Earlier this month, a state supreme court issued an opinion in a medical malpractice case, preventing a plaintiff’s case from moving forward based on the plaintiff’s failure to comply with the state’s medical expert requirement in medical malpractice lawsuits. In the case, Easterling v. Kendall, the court did not allow or consider the plaintiff’s medical expert’s testimony because it was not properly disclosed during pre-trial discovery.
The Facts of the Case
The plaintiff was a young girl who suffered a fall at a local YMCA. When emergency personnel arrived, she was vomiting, had numbness in her left arm, and suffered from a severe headache. She was taken to the hospital, where the defendant doctor determined that the girl had hit her head and that she had suffered a concussion. He provided her with anti-nausea medication and sent her home.
The next day, the girl was re-admitted to the hospital. She complained of a severe headache and uncontrollable twitching. The radiologist on duty performed an MRI and discovered that the girl had actually suffered from a dissection of the right internal carotid artery, rather than a concussion. The attending physician determined that the girl had suffered a stroke in the past six hours. She was transferred to a more specialized hospital, where she remained in the hospital for almost a month. The girl, through her parents, sued the treating physician, arguing that had the physician properly diagnosed the girl with a dissection of the right internal carotid artery in the first place, she would not have suffered the permanent neurological damage she did.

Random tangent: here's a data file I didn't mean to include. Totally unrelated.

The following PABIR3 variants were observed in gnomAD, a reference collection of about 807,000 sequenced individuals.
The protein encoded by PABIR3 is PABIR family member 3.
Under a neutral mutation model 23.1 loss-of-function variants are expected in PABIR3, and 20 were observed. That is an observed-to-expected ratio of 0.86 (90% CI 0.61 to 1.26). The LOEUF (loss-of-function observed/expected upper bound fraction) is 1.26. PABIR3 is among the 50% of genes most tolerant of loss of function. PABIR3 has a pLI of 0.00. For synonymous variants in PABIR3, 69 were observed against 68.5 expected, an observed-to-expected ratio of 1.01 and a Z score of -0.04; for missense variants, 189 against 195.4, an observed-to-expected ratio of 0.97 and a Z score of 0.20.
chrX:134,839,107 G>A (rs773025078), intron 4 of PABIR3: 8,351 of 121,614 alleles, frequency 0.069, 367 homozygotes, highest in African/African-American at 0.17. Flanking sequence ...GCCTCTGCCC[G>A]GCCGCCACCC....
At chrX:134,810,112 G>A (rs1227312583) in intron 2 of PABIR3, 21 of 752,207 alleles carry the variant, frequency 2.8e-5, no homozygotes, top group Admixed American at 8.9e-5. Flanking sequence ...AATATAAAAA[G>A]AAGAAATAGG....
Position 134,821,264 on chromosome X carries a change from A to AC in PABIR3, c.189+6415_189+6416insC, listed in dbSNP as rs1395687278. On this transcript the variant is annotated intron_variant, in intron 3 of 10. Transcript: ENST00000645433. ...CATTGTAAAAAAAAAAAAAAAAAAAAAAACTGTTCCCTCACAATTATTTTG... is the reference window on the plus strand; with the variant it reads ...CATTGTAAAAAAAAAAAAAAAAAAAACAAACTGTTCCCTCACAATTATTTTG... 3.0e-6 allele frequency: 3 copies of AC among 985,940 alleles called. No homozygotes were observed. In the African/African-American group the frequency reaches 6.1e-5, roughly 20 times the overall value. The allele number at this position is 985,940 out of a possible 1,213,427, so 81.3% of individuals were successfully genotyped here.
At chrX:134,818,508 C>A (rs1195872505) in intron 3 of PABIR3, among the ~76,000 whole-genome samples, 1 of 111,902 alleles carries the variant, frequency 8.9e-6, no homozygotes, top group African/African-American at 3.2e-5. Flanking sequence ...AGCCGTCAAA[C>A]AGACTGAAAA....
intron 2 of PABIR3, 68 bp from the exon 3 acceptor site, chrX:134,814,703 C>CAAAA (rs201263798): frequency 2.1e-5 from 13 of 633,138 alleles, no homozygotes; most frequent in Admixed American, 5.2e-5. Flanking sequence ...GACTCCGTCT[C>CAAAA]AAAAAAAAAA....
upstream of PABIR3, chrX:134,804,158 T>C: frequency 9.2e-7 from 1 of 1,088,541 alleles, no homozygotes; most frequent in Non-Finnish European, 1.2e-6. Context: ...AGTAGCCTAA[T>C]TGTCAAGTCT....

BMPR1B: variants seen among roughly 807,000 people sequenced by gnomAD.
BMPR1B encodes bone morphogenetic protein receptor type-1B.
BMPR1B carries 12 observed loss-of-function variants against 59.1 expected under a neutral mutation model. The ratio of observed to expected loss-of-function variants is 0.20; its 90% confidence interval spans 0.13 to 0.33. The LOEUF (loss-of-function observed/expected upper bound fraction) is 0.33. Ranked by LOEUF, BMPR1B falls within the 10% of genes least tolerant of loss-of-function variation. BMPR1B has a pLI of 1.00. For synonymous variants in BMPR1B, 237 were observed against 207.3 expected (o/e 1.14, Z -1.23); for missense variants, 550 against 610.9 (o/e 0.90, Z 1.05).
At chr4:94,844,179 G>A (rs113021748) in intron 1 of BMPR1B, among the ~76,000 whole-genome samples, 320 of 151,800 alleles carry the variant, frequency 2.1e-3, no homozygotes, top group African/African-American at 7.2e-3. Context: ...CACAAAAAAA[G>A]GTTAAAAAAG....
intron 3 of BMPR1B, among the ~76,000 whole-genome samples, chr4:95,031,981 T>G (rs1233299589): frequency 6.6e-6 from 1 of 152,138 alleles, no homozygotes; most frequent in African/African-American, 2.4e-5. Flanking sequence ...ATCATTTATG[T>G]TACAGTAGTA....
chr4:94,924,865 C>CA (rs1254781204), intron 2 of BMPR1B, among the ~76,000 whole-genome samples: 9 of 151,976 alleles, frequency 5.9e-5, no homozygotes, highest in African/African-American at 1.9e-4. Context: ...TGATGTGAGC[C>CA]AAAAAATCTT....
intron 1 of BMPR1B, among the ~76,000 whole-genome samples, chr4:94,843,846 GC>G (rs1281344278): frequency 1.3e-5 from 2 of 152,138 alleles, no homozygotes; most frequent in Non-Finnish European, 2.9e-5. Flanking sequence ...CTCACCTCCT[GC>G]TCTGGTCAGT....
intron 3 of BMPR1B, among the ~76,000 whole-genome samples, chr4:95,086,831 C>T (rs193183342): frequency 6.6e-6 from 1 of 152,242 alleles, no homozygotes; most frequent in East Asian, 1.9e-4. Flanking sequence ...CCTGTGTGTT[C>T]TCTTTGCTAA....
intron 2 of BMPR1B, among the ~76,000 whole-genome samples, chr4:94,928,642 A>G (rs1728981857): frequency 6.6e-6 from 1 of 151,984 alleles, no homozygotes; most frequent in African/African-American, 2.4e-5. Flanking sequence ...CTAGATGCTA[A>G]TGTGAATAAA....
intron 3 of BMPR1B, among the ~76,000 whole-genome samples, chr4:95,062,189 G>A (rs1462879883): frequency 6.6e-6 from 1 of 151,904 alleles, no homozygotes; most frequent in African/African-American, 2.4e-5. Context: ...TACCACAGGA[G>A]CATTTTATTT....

At trial, the plaintiff attempted to present medical testimony through several “experts.” Specifically, the plaintiff had 37 treating physicians and one “standard of care” expert, who would testify that the care provided by the defendant fell below the generally accepted level of care in the medical profession. The defendant objected because the the plaintiff never once provided the defense with the names of any expert who would testify to causation, as is required under state law.
The court allowed the plaintiff leave to amend but ultimately did not consider the plaintiff’s expert testimony. Thus, when the defendant moved for a directed verdict, the court granted the motion because there was no expert testimony as to whether the defendant’s conduct caused the plaintiff’s injuries. The court also classified the plaintiff’s treating physicians as “non-retained” experts and did not allow their testimony to fill in the gaps. As a result, the girl will not be able to seek monetary compensation for the allegedly negligent care she received from the defendant doctor.
Have You Been the Victim of Medical Malpractice?
If you or a loved one has recently been the victim of medical malpractice in Maryland, you may be entitled to monetary compensation. However, as in the case mentioned above, Maryland has a very strict set of rules regarding experts in medical malpractice cases. To learn more, and to ensure that you are adequately prepared for what lies ahead, contact one of the skilled and knowledgeable personal injury advocates at the Maryland and Washington D.C.-based law firm of Lebowitz & Mzhen Personal Injury Lawyers. Call today at 410-654-3600 to set up your free consultation.
More Blog Posts:
Court Upholds “Release of Liability” Form in Whitewater Rafting Accident, Maryland Accident Law Blog, January 18, 2016.
Maryland Court Allows Plaintiff to Recover Compensation After Accident with Police but Limits Damages Under Tort Claims Act, Maryland Accident Law Blog, February 1, 2016.